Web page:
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Alaska Native dancer performing in a kuspuk
Man wearing a contemporary kuspuk
Senator Lisa Murkowski wearing a kuspuk

A kuspuk (/ˈɡʌs.pʌk/) (from Yup'ik qaspeq;[1][2] Iñupiaq: atikłuk[3][4]) is a hooded overshirt with a large front pocket commonly worn among Alaska Natives.[5] Kuspuks are tunic-length, falling anywhere from below the hips to below the knees.[6] The bottom portion of kuspuks worn by women may be gathered and akin to a skirt. Kuspuks tend to be pullover garments, though some have zippers.[7]

Though kuspuks are traditionally a Yupik garment,[8] they are now worn by both men and women of many Native groups, as well as by non-Natives.[5][8][9] The garment was originally made of animal skin or gut and was worn over a fur parka to keep the parka clean.[5][10][6] As stores became more common in Bush villages, kuspuks began to be made of calico grain sacks.[5] Kuspuks are now generally made from brightly printed cotton calico, velvet, or corduroy trimmed with rickrack.[2][10][11] Today, kuspuks are often worn as a blouse with pants.[10][12]

Many Alaska legislators and their staff members wear kuspuks on Fridays.[5][8][9] The tradition was started by Representative Mary Kapsner (now Mary Sattler) of Bethel around 2000.[5][9] The legislative dress code, however, requires that kuspuks be worn with dark pants.[8] Legislators' enthusiasm for kuspuks has contributed to their rising popularity in the state.[5]

Travelers wearing kuspuks have faced scrutiny from the federal Transportation Security Administration because of the garment's looseness.[12][13] Senators Lisa Murkowski and Mark Begich have criticized this practice as culturally insensitive.[12][13]

Pope John Paul II was presented a kuspuk as a gift when he visited Alaska in 1981.[7]

Contents

Native namesEdit

language parka cover etymology
Yukon-Kuskokwim Yup'ik qaspeq[6] < qai-peq < qai- ‘surface; top’ + -peq a postbase: ‘one at N’ (compare ilupeq ‘undershirt’ < ilu ‘interior’)[6]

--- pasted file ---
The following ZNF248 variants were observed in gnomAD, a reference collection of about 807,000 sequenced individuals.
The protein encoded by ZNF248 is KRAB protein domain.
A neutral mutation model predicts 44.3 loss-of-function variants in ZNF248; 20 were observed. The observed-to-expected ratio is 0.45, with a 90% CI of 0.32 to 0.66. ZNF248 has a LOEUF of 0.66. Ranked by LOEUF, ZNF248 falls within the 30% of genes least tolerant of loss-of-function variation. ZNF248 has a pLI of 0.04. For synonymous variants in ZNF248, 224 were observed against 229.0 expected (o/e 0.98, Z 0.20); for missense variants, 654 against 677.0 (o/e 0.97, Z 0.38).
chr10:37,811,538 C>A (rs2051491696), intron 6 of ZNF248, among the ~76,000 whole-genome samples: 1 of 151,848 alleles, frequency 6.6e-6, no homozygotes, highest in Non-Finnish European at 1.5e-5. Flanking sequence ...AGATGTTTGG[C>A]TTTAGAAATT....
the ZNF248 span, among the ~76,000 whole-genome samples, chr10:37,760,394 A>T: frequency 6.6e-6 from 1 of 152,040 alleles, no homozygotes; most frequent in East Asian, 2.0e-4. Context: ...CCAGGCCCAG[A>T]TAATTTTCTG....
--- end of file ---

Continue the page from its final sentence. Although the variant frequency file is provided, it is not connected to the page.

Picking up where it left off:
Chevak Cup’ik qaspeq[14] id.
Nunivak Cup'ig qasper[15] id.
Iñupiaq (North Slope) atikłuk[16] < atigi 'pullover style parka' + -łuk a postbase: 'something resembling or having an association with a N' [17]
Iñupiaq (Malimiut) atikłuk[18] id.
Iñupiaq (King Island) uġiłiqaaq[19]

See alsoEdit

ReferencesEdit

  1. ^ Susan B. Andrews; John Creed (1998). Authentic Alaska: Voices of Its Native Writers. University of Nebraska Press. p. 155. ISBN 0-8032-5933-6. 
  2. ^ a b Dean M. Gottehrer (2000). The Associated Press Stylebook for Alaska. Epicenter Press. p. 39. ISBN 978-0-945397-87-8. 
  3. ^ Susan B. Andrews; John Creed (2010). Purely Alaska: Authentic Voices from the Far North : Stories from 23 Rural Alaskans. Epicenter Press. p. 220. ISBN 978-1-935347-10-1. 
  4. ^ Ikuta, Hiroko (2007). "Iñupiaq pride: Kivgiq (Messenger Feast) on the Alaskan North Slope". Études/Inuit/Studies. 31 (1-2): 343–364. doi:10.7202/019736ar. 
  5. ^ a b c d e f g McBride, Rhonda (March 2, 2014). "Kuspuks at the Capitol". KTVA. Retrieved May 22, 2014. 
  6. ^ a b c d Jacobson, Steven A. (compiler) 2012. Yup'ik Eskimo Dictionary, 2nd edition. Greatly revised and emended edition of Jacobson's 1984 dictionary. Alaska Native Language Center (qaspeq = thin hooded pullover garment, of length varying from below the hips to below the knees, usually of cloth nowadays (formerly of thin skin), often brightly colored and well decorated (especially those made for women), worn as a parka cover, as a jacket or dress; anorak; snowshirt; rain parka or other uninsulated parka; “kuspuk”)
  7. ^ a b Bartley, Bruce (February 21, 1981). "Alaska preparing a warm welcome for the pope". Lawrence Journal-World. Associated Press. Retrieved May 22, 2014. 
  8. ^ a b c d Land, Ted (March 6, 2010). "Capitol continues commemorative kuspuk custom". KTUU. Retrieved May 22, 2014. 
  9. ^ a b c "It's Kuspuk Friday in the Alaska Legislature". Alaska Public Media. March 22, 2013. Retrieved May 22, 2014. 
  10. ^ a b c Nancy Gates (2006). The Alaska Almanac: Facts about Alaska. Graphic Arts Center Publishing Co. p. 111. ISBN 978-0-88240-652-7. 
  11. ^ Alexander B. Dolitsky (1997). Fairy Tales and Myths of the Bering Strait Chukchi. Alaska-Siberia Research Center. p. 130. ISBN 978-0-9653891-1-2. 
  12. ^ a b c Land, Ted (March 22, 2012). "Alaska's Kuspuk Becomes Part of TSA Debate". KTUU. Retrieved May 22, 2014. 
  13. ^ a b Hopkins, Kyle (October 20, 2012). "Pressed for change, Native leaders promise a 'new, modern AFN'". Anchorage Daily News. Retrieved May 22, 2014. 
  14. ^ alaskool.org: Chevak glossary words (qaspeq = outer lining of a parka)
  15. ^ Nuniwarmiut Piciryarata Tamaryalkuti: Nunivak Island Cup'ig Language Preliminary Dictionary (qasper = kuspuk; parka cover)
  16. ^ MacLean, Edna Ahgeak 2011. Iñupiatun Uqaluit Taniktun Sivunniuġutiŋit / North Slope Iñupiaq to English Dictionary. Alaska Native Languages Archives, University of Alaska Fairbanks (atikłuk = cloth cover for fur parka, commonly called "snowshirt" )
  17. ^ Inupiaq postbases
  18. ^ Seiler, Wolf A. 2012. Iñupiatun Eskimo Dictionary. SIL International Partners in Language Development. (atikłuk = parka cover; snow shirt)
  19. ^ Bernadette Yaayuk Alvanna-Stimpfle 2007. "Ugiuvaŋmiuraaqtuaksrat" Future King Island Speakers, Alaska Native Knowledge Network, University of Alaska Fairbanks. April, 2007 (uġiłiqaaq = parka cover (calico))

External linksEdit